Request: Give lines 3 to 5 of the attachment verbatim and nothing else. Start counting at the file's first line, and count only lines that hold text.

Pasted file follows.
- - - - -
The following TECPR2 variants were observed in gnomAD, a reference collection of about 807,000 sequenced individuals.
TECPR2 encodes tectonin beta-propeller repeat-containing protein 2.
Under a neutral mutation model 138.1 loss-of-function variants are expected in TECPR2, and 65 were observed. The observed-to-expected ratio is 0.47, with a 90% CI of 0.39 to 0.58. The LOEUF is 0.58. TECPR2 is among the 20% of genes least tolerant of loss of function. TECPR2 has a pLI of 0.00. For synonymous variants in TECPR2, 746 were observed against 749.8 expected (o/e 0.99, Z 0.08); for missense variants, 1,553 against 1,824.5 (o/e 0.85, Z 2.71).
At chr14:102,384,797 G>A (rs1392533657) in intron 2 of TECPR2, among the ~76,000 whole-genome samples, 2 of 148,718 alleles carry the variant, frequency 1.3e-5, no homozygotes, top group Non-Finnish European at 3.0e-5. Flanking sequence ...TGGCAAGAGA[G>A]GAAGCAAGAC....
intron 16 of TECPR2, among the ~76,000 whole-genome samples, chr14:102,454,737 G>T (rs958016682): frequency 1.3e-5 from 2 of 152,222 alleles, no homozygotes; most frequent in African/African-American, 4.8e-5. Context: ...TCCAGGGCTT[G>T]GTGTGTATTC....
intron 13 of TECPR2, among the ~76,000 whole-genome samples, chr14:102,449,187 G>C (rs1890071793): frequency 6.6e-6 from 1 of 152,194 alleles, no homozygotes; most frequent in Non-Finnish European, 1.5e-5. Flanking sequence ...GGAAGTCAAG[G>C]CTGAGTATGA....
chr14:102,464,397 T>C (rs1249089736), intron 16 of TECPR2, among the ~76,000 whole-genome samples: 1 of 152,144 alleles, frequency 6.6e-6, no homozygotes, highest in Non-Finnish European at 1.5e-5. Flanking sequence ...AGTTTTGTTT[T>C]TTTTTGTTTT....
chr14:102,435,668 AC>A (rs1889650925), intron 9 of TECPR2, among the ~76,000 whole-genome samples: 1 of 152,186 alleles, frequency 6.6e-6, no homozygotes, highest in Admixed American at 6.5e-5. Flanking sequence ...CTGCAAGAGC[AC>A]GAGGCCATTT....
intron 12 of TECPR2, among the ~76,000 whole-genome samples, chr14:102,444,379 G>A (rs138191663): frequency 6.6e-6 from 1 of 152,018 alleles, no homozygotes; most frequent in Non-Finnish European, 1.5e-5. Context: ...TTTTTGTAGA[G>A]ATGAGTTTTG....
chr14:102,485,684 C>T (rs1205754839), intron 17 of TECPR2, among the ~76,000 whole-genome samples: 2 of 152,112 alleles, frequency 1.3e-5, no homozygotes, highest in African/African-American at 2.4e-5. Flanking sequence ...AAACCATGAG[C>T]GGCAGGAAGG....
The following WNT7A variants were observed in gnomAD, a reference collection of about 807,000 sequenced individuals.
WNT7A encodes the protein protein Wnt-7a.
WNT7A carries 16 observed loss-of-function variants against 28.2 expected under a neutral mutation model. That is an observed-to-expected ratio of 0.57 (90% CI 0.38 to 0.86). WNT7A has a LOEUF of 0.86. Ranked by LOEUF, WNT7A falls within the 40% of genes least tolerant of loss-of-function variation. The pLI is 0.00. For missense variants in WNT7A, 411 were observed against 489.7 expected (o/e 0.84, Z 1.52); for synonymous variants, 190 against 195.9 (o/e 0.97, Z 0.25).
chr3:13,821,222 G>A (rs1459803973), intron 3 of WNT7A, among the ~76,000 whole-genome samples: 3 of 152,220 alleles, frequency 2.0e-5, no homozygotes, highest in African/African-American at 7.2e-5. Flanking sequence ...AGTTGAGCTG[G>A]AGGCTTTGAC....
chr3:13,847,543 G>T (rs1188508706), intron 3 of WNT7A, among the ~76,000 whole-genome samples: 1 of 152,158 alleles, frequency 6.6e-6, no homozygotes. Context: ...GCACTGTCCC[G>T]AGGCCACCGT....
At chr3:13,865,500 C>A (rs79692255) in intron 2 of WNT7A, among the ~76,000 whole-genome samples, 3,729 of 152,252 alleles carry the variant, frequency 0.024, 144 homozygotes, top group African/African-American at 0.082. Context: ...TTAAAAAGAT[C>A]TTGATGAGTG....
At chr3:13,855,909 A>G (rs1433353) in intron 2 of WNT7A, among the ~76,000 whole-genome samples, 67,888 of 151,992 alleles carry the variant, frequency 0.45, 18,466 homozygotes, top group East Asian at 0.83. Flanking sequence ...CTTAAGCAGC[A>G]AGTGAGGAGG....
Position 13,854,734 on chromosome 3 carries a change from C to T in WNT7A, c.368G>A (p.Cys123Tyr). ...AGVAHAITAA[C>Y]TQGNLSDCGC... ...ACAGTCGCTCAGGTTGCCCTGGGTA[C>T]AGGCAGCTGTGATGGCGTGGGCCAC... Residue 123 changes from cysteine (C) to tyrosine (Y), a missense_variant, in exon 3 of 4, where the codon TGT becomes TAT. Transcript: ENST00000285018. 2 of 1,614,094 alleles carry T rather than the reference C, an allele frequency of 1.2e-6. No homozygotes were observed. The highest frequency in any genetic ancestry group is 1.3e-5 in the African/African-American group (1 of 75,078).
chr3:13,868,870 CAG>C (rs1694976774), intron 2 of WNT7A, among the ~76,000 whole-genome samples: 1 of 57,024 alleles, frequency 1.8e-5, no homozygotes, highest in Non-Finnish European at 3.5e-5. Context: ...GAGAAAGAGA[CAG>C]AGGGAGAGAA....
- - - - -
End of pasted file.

Under a neutral mutation model 138.1 loss-of-function variants are expected in TECPR2, and 65 were observed. The observed-to-expected ratio is 0.47, with a 90% CI of 0.39 to 0.58. The LOEUF is 0.58. TECPR2 is among the 20% of genes least tolerant of loss of function. TECPR2 has a pLI of 0.00. For synonymous variants in TECPR2, 746 were observed against 749.8 expected (o/e 0.99, Z 0.08); for missense variants, 1,553 against 1,824.5 (o/e 0.85, Z 2.71).
At chr14:102,384,797 G>A (rs1392533657) in intron 2 of TECPR2, among the ~76,000 whole-genome samples, 2 of 148,718 alleles carry the variant, frequency 1.3e-5, no homozygotes, top group Non-Finnish European at 3.0e-5. Flanking sequence ...TGGCAAGAGA[G>A]GAAGCAAGAC....
intron 16 of TECPR2, among the ~76,000 whole-genome samples, chr14:102,454,737 G>T (rs958016682): frequency 1.3e-5 from 2 of 152,222 alleles, no homozygotes; most frequent in African/African-American, 4.8e-5. Context: ...TCCAGGGCTT[G>T]GTGTGTATTC....